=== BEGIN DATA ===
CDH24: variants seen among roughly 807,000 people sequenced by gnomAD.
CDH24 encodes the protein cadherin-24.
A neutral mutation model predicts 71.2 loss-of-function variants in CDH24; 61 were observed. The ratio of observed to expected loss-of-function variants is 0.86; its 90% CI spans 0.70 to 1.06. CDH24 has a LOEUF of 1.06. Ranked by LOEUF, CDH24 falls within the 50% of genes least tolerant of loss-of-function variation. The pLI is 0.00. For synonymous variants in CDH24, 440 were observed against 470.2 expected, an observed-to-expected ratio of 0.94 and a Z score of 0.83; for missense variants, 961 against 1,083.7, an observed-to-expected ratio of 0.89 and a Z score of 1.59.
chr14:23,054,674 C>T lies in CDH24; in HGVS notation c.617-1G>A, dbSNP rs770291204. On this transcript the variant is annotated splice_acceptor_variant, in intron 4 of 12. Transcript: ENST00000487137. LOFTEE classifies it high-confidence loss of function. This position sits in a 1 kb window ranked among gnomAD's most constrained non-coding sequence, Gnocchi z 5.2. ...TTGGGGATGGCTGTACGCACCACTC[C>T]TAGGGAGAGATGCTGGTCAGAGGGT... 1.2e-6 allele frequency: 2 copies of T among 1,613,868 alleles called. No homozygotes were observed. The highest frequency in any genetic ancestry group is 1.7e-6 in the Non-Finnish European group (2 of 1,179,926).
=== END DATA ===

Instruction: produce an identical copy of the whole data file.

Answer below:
CDH24: variants seen among roughly 807,000 people sequenced by gnomAD.
CDH24 encodes the protein cadherin-24.
A neutral mutation model predicts 71.2 loss-of-function variants in CDH24; 61 were observed. The ratio of observed to expected loss-of-function variants is 0.86; its 90% CI spans 0.70 to 1.06. CDH24 has a LOEUF of 1.06. Ranked by LOEUF, CDH24 falls within the 50% of genes least tolerant of loss-of-function variation. The pLI is 0.00. For synonymous variants in CDH24, 440 were observed against 470.2 expected, an observed-to-expected ratio of 0.94 and a Z score of 0.83; for missense variants, 961 against 1,083.7, an observed-to-expected ratio of 0.89 and a Z score of 1.59.
chr14:23,054,674 C>T lies in CDH24; in HGVS notation c.617-1G>A, dbSNP rs770291204. On this transcript the variant is annotated splice_acceptor_variant, in intron 4 of 12. Transcript: ENST00000487137. LOFTEE classifies it high-confidence loss of function. This position sits in a 1 kb window ranked among gnomAD's most constrained non-coding sequence, Gnocchi z 5.2. ...TTGGGGATGGCTGTACGCACCACTC[C>T]TAGGGAGAGATGCTGGTCAGAGGGT... 1.2e-6 allele frequency: 2 copies of T among 1,613,868 alleles called. No homozygotes were observed. The highest frequency in any genetic ancestry group is 1.7e-6 in the Non-Finnish European group (2 of 1,179,926).